Earlier this week Israel’s Electric Authority mitigated what officials there are calling a “severe cyber attack.”
The Electric Authority is in charge of regulating and overseeing the distribution of electricity in Israel.
The State of Israel’s National Infrastructure, Energy and Water Resources Minister Yuval Steinitz disclosed the incident, calling it a virus Tuesday, during closing remarks at the Cybertech Conference in Tel Aviv.
Details around the incident are a little hazy. Some reports are contesting the attack, insisting the agency was hit by ransomware instead.
According to Steinitz, the incident occurred on Monday, coinciding with rapidly plunging temperatures across Israel. The Minister claims as a result of the attack workers at the Authority powered down parts of the system to prevent the virus from spreading after it struck their computer network on Monday.
According to Haaretz, Israel’s oldest newspaper, Steinitz told a thinning crowd that Authority had the “right software” to tackle the issue.
“The virus was already identified and the right software was already prepared to neutralize it,” Steinitz told the crowd, “We had to paralyze many of the computers of the Israeli electricity authorities. We are handling the situation and I hope that soon, this very serious event will be over.”
According to The Times of Israel he claims the event was “a fresh example of the sensitivity of infrastructure to cyberattacks, and the importance of preparing ourselves in order to defend ourselves against such attacks.”
Conflicting reports on Wednesday argue the Authority wasn’t hit by an attack per se, but by ransomware.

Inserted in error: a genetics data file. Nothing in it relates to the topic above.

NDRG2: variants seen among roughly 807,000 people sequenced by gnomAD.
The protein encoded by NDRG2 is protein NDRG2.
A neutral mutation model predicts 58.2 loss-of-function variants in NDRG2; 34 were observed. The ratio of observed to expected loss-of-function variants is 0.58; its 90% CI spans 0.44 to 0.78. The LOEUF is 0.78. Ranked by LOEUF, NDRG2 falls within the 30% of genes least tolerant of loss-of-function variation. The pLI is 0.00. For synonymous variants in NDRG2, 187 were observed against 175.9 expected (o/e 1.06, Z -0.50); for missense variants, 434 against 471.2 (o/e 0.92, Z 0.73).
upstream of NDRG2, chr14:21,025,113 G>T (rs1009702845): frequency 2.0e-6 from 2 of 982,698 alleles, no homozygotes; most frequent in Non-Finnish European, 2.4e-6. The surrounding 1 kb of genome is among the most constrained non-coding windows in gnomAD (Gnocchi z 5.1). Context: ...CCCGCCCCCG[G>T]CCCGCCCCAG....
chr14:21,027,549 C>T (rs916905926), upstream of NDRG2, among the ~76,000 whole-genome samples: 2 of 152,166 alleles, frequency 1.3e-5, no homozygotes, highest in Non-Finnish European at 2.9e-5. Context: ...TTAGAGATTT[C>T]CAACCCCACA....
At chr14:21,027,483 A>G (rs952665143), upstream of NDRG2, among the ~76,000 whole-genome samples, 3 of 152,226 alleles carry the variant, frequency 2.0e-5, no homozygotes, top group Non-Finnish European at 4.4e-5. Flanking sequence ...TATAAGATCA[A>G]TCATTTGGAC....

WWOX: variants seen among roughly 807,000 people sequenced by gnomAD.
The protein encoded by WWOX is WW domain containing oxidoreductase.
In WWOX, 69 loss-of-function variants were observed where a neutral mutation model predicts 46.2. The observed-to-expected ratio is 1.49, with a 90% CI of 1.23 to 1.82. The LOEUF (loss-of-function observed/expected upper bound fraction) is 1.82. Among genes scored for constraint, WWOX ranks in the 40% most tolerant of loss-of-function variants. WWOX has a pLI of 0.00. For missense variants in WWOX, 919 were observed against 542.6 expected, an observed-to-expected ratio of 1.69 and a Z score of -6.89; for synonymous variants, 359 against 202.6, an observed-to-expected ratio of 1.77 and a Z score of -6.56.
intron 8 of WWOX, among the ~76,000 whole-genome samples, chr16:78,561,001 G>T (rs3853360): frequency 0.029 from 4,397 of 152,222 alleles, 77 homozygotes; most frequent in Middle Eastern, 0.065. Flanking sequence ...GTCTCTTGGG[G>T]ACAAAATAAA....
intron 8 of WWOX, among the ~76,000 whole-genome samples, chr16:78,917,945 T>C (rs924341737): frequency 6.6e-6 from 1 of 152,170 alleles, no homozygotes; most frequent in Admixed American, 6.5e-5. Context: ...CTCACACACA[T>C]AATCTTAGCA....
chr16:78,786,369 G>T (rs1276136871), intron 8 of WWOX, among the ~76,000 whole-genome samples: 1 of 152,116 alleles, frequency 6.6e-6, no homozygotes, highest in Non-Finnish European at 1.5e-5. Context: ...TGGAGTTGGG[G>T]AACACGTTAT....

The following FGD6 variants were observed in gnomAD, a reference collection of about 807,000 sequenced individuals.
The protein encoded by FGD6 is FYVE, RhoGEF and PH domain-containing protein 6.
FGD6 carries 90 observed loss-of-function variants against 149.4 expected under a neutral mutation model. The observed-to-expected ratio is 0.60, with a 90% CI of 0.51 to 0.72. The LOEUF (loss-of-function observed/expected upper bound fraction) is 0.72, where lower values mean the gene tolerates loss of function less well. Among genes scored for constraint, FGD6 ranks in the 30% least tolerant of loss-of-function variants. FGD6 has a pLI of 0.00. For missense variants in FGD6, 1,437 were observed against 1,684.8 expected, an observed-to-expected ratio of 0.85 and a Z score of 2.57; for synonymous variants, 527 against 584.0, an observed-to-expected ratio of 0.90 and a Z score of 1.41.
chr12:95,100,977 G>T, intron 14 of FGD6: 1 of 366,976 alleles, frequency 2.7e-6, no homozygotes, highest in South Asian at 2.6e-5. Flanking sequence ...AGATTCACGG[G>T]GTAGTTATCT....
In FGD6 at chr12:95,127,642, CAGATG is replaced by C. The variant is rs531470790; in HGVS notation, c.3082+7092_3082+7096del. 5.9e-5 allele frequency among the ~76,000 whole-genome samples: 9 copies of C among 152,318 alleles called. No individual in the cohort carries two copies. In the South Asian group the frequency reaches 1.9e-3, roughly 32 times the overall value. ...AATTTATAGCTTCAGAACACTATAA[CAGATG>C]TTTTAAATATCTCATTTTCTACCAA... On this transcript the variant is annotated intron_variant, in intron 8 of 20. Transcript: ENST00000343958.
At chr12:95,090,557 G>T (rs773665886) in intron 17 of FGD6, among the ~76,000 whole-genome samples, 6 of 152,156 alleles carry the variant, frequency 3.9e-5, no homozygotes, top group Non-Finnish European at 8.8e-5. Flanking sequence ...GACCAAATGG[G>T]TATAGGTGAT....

Some reports, including one from the Israeli news site Ynet, states the Authority wasn’t hit by an attack, but instead with malware that prevented access to data “in exchange for ransom.” The article claims the malware locked computers, spread to others on the corporate computer network, and that as of Wednesday afternoon, Israel Standard Time, many machines were still “paralyzed.”
The article cites an unnamed government source, who expressed disbelief the Authority’s networks weren’t properly secured.
“It’s just unbelievable the authority’s computer system was not properly protected.”
The Israeli National Cyber Defense Authority warned last summer the State could be targeted by cyber attacks and that security officials should “prepare for any possible scenario.”
A report in The Media Line on Wednesday talked to Yosi Shneck, SVP of Information & Communication at Israel Electric Corporation, a power supplier in Israel separate from Israel’s Electric Authority. Shneck claims ransomware has hit the IEC’s systems “in recent months” and that his faces “between 4 to 20 million” cyber events in an average month and that he “maybe” knows where the malware originated from, but can’t officially say.
Regardless of whether it’s an attack or ransomware, details around the incident remain scant. It’s unclear who’s behind the malware, or triggered the attack. Steinitz claims there are no suspects and that the National Infrastructure, Energy and Water Resources Ministry and Israel’s National Cyber Bureau are investigating the incident however.
The incident is the latest to affect a nation’s electricity infrastructure.
A cyber attack hit Western Ukraine power company Prykarpattyaoblenergo last month, leaving hundreds of thousands of residents in the Ivano-Frankivisk region in the dark.
Attackers peddling BlackEnergy malware have demonstrated an affinity for targeting power facilities, generation operators, and power sites in the past and are believed to have had a hand in the attack.